Improving the Stability of Perovskite for Better Solar Cells and LEDs

Perovskite solar cell research
NREL Senior Scientist Kai Zhu applies a perovskite precursor solution to make a perovskite film. Credit: Dennis Schroeder

Perovskite materials have shown great promise for use in next-generation solar cells, light-emitting devices (LEDs), sensors, and other applications, but their instability remains a critical limitation.

Researchers at UC Santa Cruz attacked this problem by focusing on perovskite nanocrystals, in which the instability problems are magnified by the large surface area of the particles relative to their volume. Atoms on the surface are vulnerable to reactions that can degrade the material, so molecules that bind to the surface–called surface ligands or capping ligands–are used both to stabilize perovskite nanocrystals and to control their properties.

In a paper published June 13 in Angewandte Chemie, the UCSC researchers reported the results of experiments using unique branched ligands to synthesize perovskite nanocrystals with greatly improved stability and uniform particle size.

“This new strategy to stabilize organometal-halide perovskites is an important step in the right direction,” said corresponding author Jin Zhang, professor of chemistry and biochemistry at UC Santa Cruz. “Our hope is that this could be used not only for perovskite nanocrystals but also for bulk materials and thin films used in applications such as photovoltaics.”

Zhang’s team tested the effects of different types of capping ligands on the stability of perovskite nanocrystals. Conventional perovskite nanocrystals capped with ligands consisting of long straight-chain amines show poor stability in solvents such as water and alcohol. Zhang’s lab identified unique branched molecules that proved much more effective as capping ligands.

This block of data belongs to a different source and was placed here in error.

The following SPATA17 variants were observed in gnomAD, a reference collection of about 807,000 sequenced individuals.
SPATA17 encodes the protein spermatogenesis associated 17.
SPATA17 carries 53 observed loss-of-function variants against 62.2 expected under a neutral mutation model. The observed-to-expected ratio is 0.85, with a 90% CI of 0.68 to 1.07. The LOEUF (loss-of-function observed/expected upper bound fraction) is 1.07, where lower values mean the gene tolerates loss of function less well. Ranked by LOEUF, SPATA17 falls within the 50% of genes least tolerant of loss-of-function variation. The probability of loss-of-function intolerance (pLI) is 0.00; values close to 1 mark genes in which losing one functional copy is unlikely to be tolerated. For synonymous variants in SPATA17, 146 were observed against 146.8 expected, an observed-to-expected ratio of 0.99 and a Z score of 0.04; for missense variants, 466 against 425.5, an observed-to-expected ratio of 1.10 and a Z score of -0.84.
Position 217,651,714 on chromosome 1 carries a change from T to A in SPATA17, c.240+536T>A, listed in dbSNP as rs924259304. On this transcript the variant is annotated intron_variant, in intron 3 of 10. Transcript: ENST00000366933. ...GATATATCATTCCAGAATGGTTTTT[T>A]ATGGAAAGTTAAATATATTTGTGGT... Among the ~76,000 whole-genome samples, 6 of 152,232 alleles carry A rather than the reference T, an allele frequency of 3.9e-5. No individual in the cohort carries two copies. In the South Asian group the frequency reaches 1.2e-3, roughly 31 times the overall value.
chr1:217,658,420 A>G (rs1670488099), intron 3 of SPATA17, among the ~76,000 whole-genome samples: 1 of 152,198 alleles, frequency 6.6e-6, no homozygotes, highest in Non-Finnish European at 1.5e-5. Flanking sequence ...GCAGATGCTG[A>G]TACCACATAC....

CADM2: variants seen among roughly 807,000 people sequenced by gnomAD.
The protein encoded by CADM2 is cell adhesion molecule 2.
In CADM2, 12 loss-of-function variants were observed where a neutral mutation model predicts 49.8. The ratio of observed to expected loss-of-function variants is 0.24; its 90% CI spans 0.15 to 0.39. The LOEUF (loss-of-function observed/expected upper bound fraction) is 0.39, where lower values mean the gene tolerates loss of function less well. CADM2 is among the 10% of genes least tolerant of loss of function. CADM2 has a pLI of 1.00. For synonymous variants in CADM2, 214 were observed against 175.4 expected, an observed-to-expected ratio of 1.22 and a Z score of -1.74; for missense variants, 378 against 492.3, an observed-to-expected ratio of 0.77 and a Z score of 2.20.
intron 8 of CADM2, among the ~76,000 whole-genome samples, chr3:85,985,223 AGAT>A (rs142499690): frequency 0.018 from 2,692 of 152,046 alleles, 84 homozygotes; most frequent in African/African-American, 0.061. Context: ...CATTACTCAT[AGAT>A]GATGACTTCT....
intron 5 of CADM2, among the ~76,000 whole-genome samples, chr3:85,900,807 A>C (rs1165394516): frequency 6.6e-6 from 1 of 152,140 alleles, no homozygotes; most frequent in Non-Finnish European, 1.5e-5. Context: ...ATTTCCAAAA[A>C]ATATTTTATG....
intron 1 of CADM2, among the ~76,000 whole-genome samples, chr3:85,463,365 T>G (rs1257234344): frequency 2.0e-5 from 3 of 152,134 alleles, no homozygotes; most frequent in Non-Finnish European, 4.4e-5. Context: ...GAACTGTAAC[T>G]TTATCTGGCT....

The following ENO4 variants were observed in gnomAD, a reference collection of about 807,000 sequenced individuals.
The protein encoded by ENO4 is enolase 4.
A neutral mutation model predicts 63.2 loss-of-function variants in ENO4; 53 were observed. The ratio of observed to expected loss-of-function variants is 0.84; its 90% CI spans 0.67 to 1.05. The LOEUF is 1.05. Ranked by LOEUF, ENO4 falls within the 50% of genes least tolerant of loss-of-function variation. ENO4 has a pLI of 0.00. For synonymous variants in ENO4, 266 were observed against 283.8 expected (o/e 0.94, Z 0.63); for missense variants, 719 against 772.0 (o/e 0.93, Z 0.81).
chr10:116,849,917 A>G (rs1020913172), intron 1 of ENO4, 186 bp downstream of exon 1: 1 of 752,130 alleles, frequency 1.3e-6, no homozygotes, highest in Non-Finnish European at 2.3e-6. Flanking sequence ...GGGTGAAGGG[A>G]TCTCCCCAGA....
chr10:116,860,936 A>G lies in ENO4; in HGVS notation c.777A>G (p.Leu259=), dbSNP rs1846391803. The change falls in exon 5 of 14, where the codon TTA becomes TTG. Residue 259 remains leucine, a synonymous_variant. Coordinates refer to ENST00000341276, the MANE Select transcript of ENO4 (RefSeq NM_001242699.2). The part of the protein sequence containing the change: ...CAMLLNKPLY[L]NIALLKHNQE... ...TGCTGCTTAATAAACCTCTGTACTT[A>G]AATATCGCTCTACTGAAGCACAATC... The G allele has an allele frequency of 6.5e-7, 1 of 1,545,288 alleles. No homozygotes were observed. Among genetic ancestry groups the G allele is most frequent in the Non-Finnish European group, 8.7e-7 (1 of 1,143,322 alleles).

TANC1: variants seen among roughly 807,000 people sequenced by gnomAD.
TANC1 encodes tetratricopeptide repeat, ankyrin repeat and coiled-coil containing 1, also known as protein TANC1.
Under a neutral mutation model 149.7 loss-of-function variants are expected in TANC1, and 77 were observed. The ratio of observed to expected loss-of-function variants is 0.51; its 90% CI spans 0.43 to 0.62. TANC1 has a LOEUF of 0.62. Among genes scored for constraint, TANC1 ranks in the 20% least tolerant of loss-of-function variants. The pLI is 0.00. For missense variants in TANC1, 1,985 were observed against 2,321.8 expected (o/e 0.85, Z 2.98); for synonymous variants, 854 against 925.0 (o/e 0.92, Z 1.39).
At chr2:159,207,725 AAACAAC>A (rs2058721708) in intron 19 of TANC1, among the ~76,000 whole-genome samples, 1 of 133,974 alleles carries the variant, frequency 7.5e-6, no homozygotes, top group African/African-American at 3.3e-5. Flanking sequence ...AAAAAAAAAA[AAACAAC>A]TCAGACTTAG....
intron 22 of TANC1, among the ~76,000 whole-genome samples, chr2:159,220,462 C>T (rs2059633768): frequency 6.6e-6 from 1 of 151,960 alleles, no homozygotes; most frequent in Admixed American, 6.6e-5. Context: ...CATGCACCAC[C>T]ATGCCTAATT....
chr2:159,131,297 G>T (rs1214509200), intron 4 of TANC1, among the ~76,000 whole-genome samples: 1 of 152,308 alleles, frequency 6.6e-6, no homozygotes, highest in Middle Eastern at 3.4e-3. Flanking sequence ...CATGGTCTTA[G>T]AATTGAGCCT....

According to Zhang, the branching structure of the ligands protects the surface of the nanocrystals by occupying more space than straight-chain molecules, creating a mechanical barrier through an effect known as steric hindrance. “The branching molecules are more cone-shaped, which increases steric hindrance and makes it harder for the solvent to access the surface of the nanocrystals,” he said.

The researchers were able to control the size of the nanocrystals by adjusting the amount of branched capping ligands used during synthesis. They could obtain uniform perovskite nanocrystals in sizes ranging from 2.5 to 100 nanometers, with high photoluminescence quantum yield, a measure of fluorescence that is critical to the performance of perovskites in a variety of applications.

Zhang’s lab is exploring the use of perovskite nanocrystals in sensors to detect specific chemicals. He is also working with UC Santa Cruz physicist Sue Carter on the use of perovskite thin films in photovoltaic cells for solar energy applications.

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The first author of the paper on perovskite nanocrystals is Binbin Luo, a visiting researcher in Zhang’s lab. Other coauthors include Ying-Chih Pu at the National University of Tainan, Taiwan; Sarah Lindley, Yi Yang, Liqiang Lu, and Yat Li at UC Santa Cruz; and Xueming Li at Chongqing University, China. This work was supported by NASA and the U.S. Department of Energy.

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